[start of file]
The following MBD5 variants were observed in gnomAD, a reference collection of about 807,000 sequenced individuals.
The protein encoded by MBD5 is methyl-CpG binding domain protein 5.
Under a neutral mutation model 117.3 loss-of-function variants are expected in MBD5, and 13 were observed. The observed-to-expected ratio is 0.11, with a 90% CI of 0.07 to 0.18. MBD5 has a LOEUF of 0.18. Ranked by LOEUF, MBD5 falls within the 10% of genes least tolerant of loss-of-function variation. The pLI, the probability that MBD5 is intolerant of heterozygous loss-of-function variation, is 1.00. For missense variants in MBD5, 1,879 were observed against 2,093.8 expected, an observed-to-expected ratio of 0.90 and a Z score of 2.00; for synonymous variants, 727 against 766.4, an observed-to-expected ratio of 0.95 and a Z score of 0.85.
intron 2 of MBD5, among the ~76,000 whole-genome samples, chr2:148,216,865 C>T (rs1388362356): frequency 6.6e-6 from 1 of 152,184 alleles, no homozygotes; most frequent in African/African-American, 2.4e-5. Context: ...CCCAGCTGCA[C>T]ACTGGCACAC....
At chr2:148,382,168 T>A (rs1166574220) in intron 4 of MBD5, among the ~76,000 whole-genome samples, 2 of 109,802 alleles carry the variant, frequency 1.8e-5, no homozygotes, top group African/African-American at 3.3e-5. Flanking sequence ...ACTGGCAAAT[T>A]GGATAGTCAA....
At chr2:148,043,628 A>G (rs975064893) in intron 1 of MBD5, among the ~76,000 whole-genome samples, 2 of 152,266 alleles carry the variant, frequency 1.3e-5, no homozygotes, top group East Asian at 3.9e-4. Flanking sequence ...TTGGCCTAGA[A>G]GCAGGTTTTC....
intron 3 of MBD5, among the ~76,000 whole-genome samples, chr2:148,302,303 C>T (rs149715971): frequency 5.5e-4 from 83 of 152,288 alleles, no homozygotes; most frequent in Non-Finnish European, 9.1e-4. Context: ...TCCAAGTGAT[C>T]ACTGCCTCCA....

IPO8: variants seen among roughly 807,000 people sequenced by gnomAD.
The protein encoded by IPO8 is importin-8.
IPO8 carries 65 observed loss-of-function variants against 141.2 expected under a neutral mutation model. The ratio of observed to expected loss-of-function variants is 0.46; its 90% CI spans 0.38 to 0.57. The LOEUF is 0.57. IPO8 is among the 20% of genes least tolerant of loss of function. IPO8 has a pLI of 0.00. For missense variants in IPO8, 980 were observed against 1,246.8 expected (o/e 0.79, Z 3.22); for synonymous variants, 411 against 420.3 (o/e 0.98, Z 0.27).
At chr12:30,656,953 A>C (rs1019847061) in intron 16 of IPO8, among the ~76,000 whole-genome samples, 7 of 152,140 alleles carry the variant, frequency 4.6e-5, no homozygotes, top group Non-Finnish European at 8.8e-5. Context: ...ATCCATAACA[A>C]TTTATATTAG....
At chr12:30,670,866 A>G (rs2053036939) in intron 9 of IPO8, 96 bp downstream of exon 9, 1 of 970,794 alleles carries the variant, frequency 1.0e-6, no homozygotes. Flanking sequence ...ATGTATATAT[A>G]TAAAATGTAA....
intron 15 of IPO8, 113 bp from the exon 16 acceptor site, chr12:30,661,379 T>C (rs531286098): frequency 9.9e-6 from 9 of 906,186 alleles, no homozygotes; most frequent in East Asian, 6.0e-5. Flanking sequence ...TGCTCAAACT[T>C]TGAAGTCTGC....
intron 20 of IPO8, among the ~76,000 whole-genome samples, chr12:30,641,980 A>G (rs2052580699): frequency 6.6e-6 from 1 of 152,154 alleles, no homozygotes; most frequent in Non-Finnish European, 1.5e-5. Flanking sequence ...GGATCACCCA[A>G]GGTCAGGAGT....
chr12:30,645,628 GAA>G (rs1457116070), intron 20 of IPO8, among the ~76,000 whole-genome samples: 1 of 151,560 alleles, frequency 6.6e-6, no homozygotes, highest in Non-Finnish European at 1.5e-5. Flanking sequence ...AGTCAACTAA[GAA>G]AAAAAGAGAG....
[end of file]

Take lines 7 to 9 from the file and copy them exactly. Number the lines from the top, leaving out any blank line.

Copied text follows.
intron 3 of MBD5, among the ~76,000 whole-genome samples, chr2:148,302,303 C>T (rs149715971): frequency 5.5e-4 from 83 of 152,288 alleles, no homozygotes; most frequent in Non-Finnish European, 9.1e-4. Context: ...TCCAAGTGAT[C>T]ACTGCCTCCA....

IPO8: variants seen among roughly 807,000 people sequenced by gnomAD.
The protein encoded by IPO8 is importin-8.